A federal judge on Friday blocked a core provision of Indiana abortion legislation that Vice President Mike Pence lauded when he signed it into law "with a prayer" last year, the Associated Press reported Monday.
The omnibus bill was described by reproductive rights advocates as "one of the worst anti-abortion laws in the country."
As Common Dreams reported when the law, HEA 1337, was passed in March 2016, it contained a multitude of provisions designed to prevent women from accessing abortions. It forced women to have an ultrasound at least 18 hours before an abortion; banned abortions when a fetal anomaly was detected; mandated the burial and cremation of miscarried or aborted remains; restricted fetal tissue donation; and required doctors performing abortions to have admitting privileges at a hospital or to have an agreement with a doctor who does.
"This is one of the most extreme anti-abortion measures in the country and only further penalizes Indiana women and their doctors for accessing constitutionally protected abortion care," charged Ilyse Hogue, president of NARAL Pro-Choice America, in response to the law's passage.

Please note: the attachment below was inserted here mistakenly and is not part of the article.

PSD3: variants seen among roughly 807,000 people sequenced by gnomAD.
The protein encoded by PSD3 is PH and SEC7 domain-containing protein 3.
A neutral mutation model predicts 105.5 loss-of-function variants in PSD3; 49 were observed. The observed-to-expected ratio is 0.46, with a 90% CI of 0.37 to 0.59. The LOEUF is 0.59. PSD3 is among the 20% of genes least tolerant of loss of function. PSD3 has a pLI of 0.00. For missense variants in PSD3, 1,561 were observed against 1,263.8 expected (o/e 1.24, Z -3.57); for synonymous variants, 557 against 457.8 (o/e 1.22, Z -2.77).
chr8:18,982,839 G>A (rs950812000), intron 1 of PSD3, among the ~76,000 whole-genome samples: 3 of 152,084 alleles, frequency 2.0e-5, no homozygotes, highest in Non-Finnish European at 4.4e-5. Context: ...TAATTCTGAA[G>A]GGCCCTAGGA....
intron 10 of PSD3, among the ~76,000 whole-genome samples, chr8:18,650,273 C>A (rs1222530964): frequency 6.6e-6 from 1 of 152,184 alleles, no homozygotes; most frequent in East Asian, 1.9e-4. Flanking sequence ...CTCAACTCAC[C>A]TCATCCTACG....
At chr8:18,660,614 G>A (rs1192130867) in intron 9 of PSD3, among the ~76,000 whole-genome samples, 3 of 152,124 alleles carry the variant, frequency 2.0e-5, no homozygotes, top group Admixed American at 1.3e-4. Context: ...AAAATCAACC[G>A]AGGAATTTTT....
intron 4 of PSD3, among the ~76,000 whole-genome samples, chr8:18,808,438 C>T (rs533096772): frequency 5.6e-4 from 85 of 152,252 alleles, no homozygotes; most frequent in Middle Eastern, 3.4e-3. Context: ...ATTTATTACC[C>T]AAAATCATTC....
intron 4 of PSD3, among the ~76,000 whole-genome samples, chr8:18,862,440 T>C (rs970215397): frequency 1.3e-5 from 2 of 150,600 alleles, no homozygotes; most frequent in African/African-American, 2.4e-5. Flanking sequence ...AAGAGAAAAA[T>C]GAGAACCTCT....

But on Friday, women's rights advocates found reason to hope: U.S. District Judge Tanya Walton Pratt's ruling (pdf) found that the requirement that women have an ultrasound is likely unconstitutional, and creates an "undue burden" particularly for low-income women.
SCROLL TO CONTINUE WITH CONTENT
Never Miss a Beat.
Get our best delivered to your inbox.
Pratt granted a preliminary injunction against the provision, and the latest decision followed an earlier emergency injunction that prevented the law from taking effect last year.
Planned Parenthood of Indiana and Kentucky (PPINK), which brought the case against the law to court with the help of the American Civil Liberties Union (ACLU) of Indiana, celebrated the "major victory."
"The new ultrasound law creates significant financial and other burdens on PPINK and its patients, particularly on low-income women in Indiana who face lengthy travel to one of PPINK's now only six health centers that can offer and informed-consent appointment," Pratt wrote in her decision. "These burdens are clearly undue when weighed against the almost complete lack of evidence that the law furthers the State's asserted justifications of promoting fetal life and women's mental health outcomes."
"The law was passed purely to further burden access to safe, legal abortion and is in fact counter to best medical practice. Politicians need to get out of our doctors' offices," said PPINK CEO and president Betty Cockrum in a statement.
The state of Indiana has 30 days in which it can appeal the preliminary injunction. With a new governor and attorney general in power, it is unclear how the state will proceed, observed the local legal publication Indiana Lawyer.